Pakistani Clerics Have Banned Women from Shopping Alone
Pakistani Clerics Have Banned Women from Shopping Alone

Aliaa Magda Elmahdy has become an online sensation after posting naked pictures of herself on a blog to denounce the oppressive nature of the Egyptian society, and the taboo surrounding femininity and women's bodies. While she certainly represents a portion of Egyptian women, others on the other hand have joined the ranks of the Muslim Brotherhood, even sporting the party's banners during the anti-Mubarak protests.

Until recently women were not given any chief political roles in the party but leaders of the movement maintained it was mainly due to the severe crackdown led on high ranked figures by the Mubarak regime.

A few months after the revolution it seems that the brotherhood is becoming more receptive to the sisterhood's demands as the party insist it is working on increasing women's involvement and role in shaping the future of the country.

Asked about the role of women in supporting the revolution, Mohamed Badie, the party's Supreme Guide acknowledged their vital contributions.

‎"No one can deny the vital role the women played during the January 25 Revolution, ‎whether as activists, mothers or wives," he said in the opening speech of a press ‎conference held by MB under the name of "Woman: From the revolution to the ‎prosperity."‎

‎"Women made history, and with their success [during the 18-day revolt] they gave the whole ‎world a lesson about how to fight injustice and tyranny. They partook with men in everything.‎

‎"Our mission to lead Egypt to prosperity is even harder [than the revolution]. This is the ‎responsibility of men and women alike, in order to draw a bright future,"‎ he added.

The female wing of the party, the Sisterhood was created in 1932 and women from the party insist they participate to the same political and social activities than men.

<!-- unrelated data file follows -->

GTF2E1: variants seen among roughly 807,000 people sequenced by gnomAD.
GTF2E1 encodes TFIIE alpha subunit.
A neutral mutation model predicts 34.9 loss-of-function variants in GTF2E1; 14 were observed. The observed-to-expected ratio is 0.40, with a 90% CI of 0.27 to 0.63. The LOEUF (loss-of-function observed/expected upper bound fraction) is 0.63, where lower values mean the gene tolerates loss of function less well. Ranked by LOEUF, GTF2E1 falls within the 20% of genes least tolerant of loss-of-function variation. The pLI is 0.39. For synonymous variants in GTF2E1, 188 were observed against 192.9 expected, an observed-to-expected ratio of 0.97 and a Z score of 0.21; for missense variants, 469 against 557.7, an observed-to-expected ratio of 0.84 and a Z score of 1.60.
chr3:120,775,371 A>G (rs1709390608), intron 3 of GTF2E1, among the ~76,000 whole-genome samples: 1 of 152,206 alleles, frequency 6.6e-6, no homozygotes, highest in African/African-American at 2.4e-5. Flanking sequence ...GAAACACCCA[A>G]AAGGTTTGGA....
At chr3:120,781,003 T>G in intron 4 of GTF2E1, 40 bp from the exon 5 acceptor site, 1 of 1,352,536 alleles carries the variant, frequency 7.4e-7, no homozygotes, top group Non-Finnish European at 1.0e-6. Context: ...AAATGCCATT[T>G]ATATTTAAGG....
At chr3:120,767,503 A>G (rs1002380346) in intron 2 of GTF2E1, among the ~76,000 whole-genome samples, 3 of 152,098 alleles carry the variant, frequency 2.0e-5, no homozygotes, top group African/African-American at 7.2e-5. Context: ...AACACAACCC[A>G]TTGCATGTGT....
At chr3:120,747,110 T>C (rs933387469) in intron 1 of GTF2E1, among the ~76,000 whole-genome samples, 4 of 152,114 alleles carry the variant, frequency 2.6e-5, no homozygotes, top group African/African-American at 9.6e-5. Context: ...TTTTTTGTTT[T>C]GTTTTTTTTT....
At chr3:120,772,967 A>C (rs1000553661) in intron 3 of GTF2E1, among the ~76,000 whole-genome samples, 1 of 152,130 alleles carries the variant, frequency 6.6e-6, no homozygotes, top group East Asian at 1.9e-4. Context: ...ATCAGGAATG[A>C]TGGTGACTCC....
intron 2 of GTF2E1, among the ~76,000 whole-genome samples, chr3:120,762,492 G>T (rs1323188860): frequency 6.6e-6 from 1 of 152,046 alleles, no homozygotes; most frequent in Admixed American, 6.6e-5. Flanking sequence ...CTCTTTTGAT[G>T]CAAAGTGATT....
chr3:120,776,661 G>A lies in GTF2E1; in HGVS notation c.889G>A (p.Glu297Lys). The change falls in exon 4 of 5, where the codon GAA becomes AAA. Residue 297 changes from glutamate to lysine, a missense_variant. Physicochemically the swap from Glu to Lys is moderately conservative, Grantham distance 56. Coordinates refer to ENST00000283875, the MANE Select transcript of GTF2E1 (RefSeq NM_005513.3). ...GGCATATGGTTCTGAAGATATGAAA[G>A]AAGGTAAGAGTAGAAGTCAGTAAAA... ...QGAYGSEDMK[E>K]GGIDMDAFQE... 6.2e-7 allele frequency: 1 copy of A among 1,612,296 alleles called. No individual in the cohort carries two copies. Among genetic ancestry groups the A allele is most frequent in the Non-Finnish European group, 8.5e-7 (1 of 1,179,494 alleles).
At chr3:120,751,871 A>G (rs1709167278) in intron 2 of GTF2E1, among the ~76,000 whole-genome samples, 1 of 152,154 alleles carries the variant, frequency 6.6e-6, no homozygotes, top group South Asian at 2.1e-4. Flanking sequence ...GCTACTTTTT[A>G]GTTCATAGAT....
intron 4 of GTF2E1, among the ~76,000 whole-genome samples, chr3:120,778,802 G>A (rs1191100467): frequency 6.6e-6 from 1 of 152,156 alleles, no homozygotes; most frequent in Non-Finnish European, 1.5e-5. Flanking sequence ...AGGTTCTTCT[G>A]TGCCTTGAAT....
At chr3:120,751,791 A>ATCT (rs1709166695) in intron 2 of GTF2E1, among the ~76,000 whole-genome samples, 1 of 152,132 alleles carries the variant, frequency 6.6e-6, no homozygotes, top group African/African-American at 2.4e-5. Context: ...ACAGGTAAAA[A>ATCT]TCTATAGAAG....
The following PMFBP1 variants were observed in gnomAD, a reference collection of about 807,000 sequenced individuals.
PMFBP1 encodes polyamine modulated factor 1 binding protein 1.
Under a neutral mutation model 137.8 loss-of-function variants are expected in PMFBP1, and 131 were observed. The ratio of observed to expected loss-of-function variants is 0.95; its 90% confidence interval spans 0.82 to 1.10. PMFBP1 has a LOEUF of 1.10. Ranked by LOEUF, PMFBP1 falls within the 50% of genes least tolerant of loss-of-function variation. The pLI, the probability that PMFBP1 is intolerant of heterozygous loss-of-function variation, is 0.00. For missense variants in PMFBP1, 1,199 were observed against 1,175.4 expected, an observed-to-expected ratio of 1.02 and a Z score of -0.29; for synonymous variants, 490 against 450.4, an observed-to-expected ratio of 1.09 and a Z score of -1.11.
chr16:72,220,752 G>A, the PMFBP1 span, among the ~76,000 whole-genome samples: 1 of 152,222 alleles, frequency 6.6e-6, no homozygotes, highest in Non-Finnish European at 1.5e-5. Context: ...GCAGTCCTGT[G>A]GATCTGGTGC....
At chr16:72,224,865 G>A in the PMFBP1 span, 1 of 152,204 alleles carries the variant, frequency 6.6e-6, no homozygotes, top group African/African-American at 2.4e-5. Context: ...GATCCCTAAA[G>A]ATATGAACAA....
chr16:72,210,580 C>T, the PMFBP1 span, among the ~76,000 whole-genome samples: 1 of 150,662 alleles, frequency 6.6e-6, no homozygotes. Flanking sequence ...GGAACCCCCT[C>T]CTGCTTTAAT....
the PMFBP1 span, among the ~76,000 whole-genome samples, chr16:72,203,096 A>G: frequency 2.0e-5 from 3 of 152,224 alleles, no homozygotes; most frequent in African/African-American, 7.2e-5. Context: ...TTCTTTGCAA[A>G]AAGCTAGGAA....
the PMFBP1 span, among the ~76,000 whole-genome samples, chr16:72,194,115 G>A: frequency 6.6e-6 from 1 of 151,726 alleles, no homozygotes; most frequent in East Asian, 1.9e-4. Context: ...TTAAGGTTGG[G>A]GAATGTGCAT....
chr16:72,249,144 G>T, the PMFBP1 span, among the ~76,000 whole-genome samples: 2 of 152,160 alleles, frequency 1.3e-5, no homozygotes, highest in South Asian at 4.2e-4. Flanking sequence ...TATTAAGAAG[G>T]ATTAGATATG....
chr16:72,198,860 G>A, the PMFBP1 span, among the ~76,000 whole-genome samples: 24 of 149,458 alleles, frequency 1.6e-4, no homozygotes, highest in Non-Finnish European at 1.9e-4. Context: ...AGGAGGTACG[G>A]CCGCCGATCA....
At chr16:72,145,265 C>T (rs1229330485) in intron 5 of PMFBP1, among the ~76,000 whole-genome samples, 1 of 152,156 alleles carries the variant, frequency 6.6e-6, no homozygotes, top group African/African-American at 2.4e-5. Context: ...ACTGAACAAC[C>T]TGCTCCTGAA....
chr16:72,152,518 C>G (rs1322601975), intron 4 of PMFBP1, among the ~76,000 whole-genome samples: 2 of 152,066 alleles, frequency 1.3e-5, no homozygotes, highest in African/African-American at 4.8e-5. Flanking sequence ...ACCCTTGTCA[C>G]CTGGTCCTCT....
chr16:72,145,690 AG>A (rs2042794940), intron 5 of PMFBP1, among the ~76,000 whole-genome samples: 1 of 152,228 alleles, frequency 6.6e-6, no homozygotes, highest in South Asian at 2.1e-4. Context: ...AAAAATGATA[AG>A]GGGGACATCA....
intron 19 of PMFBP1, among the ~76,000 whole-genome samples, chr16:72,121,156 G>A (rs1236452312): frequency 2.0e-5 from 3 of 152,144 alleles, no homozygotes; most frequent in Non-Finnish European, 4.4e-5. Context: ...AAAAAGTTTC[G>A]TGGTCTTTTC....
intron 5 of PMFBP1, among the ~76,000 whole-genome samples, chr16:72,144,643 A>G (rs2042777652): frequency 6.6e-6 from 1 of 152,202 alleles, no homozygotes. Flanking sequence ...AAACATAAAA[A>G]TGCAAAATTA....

The Brotherhood first nominated a woman for parliament in the 2000 elections and also fielded women in 2005 and 2010.

Moreover women members have also been at the forefront of the social and political struggle of the party, joining demonstrations and protests.

Women members of the party firmly believe that the political system advanced by the brotherhood will help bring women some justice.

They see their current lack of equal rights as to do more with the cultural, political and social realities in which their movement functions than with the movement itself.

Realising the importance of their role during the revolution female members soon started to actively demand for more rights and opportunities within the organisation itself, demanding the right to run for office as members of the movement's council, for example.

They issued a public letter to the party's leader where they complained about being obstructed while their meetings are considered "meetings of housewives in which they only speak about their children and their vegetables."

All is not perfect however and the Muslim Brotherhood clearly needs the sisterhood in the current climate. It emerged as one of the most popular political party after the revolution and needed to create a more moderate image and putting women at the forefront of the movement will help silence its detractors.

The party however still has some conservative elements who could turn to more radical movement such as Salafists political parties if they deem the role given to women is excessive.

While women members of the party also assert their will to take on more public responsibilities some of the comments made in the media remains controversial.

Makarem el-Deiry, the only women representing the Brotherhood in 2005 has in the past adopted quite a strict position when it comes to women, telling the Agence France Press in the same year that women in the west had forgotten that men are superior.

"We believe that domestic chores are not less (than other types of work) and we oppose battling against men's superiority to women" she also added.

Moreover, explaining why she thought that God had granted Muslim men alone the right to initiate divorce, she replied "Women are impulsive, they ask for divorce and then they regret their decision."

In view of the different grievances but also attitude adopted by women on women in Egypt, it seems that the country faces a dilemma that goes further than the patriarchal nature often attributed to the Egyptian society. Conservative attitudes clashes for more freedom of expression and other liberal demands but women can be found at both end of the spectrum.

However since the revolution it seems that more and more Egyptians women are inclined to play an active role in politics or simply just be themselves without having to first ask men for permission.